Hi Good People. This week we wrap up our two-week leadership/mentor series with a few tips on how to mentor. We’ve discussed that an employee may have strengths in some areas yet need development of other skills. A good organizational leader recognizes the value of seeing that person become who they need to be and not remain where they are. So how can leaders help this process along? Here are five tips:
- Identify the skill to be learned. Say for example your employee is less effective in project management but wants to improve. Help your employee first understand the connection of the skill (ex: project management) and how this element impacts and benefits the project and persons involved overall. It is recommended to break the approach to new skill development into small pieces so it is easily understood.
- Set clear goals and expectations. Explain the goals with your employee, then establish benchmarks to measure if the employee has improved.
- Demonstrate the skill. Everyone learns differently; some by hearing, some by watching. Most people learn best by doing. Show an example of the skill/task and explain why you’re doing it and then allow them to perform the task.
- Allow time for practice. In any new venture, there is likely to be trial and error. Be patient as your employee grows into this new task. Ask in what area of the task they are experiencing the most difficulty and help to clarify what’s expected for this task to be successful. Answer their questions for clarity.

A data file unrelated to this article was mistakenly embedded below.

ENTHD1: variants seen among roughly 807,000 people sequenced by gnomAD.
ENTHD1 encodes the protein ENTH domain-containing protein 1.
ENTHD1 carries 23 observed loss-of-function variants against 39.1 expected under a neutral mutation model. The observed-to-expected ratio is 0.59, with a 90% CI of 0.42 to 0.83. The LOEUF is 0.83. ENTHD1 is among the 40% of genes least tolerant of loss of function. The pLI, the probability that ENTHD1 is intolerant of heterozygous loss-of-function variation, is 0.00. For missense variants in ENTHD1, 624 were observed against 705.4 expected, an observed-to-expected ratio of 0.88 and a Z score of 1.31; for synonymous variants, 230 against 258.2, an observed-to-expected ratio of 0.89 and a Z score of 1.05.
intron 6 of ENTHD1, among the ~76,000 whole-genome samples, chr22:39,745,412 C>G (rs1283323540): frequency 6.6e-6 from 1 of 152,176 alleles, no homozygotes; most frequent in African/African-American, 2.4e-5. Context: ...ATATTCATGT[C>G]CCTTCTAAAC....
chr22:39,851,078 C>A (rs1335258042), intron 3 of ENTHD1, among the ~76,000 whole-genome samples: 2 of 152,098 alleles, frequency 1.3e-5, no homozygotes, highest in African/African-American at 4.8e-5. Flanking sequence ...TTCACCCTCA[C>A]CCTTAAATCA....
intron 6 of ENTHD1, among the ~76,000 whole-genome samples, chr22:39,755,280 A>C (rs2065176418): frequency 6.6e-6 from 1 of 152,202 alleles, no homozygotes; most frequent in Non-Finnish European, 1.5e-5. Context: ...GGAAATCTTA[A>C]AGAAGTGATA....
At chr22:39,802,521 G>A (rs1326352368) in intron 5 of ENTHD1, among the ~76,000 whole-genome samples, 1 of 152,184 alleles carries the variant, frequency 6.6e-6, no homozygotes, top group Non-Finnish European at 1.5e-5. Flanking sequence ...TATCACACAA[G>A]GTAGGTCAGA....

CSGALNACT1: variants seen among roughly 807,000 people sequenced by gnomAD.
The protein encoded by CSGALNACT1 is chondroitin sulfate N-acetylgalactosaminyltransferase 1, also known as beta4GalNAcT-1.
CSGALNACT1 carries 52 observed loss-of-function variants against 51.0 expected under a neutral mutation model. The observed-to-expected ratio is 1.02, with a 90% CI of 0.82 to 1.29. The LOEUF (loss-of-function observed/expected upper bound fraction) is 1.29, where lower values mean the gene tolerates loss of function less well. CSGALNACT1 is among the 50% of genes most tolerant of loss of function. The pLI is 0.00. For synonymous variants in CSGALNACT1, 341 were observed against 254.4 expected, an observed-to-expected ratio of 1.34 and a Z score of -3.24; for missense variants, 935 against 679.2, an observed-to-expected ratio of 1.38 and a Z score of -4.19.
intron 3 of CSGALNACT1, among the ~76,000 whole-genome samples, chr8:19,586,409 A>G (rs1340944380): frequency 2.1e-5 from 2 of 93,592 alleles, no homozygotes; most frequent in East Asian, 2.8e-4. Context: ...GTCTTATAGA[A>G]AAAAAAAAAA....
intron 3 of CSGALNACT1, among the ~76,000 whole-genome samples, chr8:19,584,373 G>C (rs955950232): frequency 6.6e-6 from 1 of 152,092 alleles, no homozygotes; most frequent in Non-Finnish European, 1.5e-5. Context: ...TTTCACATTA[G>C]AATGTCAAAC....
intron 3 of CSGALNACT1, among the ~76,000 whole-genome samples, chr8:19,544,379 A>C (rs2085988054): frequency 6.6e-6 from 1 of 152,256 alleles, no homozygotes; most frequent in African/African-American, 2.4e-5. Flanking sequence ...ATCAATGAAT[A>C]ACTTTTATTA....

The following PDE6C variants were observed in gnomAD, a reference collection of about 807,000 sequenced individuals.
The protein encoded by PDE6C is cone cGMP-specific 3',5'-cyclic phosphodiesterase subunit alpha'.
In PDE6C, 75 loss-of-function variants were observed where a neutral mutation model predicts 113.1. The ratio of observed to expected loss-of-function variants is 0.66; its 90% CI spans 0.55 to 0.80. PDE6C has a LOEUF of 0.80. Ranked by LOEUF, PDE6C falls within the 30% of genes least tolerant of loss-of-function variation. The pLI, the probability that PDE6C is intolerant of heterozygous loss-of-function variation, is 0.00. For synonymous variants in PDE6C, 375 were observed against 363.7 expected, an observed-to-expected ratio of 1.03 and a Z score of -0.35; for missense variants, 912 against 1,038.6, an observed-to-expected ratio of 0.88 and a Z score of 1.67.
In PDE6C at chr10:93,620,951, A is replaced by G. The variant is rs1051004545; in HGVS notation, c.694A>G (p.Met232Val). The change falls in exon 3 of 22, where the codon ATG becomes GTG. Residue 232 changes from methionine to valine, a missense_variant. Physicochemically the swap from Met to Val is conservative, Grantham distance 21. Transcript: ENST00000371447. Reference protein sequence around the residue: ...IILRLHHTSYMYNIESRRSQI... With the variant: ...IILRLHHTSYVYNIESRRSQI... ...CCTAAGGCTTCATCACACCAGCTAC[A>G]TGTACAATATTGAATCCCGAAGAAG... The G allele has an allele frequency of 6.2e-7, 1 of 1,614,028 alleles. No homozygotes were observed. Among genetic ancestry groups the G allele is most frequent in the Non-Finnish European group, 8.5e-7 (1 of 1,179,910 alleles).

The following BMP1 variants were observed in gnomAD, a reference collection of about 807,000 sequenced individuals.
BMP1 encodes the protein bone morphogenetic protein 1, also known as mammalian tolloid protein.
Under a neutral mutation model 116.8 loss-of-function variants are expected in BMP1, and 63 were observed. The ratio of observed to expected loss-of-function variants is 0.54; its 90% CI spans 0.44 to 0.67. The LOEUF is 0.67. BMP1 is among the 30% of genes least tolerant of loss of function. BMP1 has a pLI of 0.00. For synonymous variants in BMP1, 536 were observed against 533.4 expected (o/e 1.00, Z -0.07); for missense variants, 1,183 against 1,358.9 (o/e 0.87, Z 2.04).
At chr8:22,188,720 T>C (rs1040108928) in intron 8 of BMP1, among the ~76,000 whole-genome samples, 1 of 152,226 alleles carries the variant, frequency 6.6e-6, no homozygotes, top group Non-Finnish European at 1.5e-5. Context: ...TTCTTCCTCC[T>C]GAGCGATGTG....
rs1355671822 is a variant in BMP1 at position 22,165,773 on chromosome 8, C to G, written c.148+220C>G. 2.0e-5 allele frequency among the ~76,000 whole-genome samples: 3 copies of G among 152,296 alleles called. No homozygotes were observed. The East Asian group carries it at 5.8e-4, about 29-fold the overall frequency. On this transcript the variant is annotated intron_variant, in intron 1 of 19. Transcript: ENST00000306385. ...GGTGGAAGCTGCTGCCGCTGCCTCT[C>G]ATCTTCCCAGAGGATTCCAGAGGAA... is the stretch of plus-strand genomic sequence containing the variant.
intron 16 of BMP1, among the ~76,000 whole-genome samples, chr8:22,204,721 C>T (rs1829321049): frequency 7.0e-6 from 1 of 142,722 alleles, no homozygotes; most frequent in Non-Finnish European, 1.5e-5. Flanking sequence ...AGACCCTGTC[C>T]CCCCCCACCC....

- Give constructive, regular feedback and assess progress. Share with the employee how they’re doing, if improving or if specific elements need revisiting. Good feedback will ensure both leader and mentor are on the same page and the next steps to success can be plotted out.
Thank you for joining us in this leadership series. We hope these tips serve you and those you choose to influence. When you care to invest in others YOU are the mentor tool.
By: Nicole Hayes
Nicole brings a strong background in consumer outreach, partnership development and media relations to McKinney & Associates. Many of her communications strategies were cultivated during her work with international public relations agency Fleishman Hillard Inc., where she developed and implemented strategies and media relations outreach for large consumer and government clients. With her skilled foundation, Nicole sought a career to support her core belief that people make the best investments and launched her own D.C.-based media relations consultancy, Pieces of Life, to serve small businesses and non-profit organizations.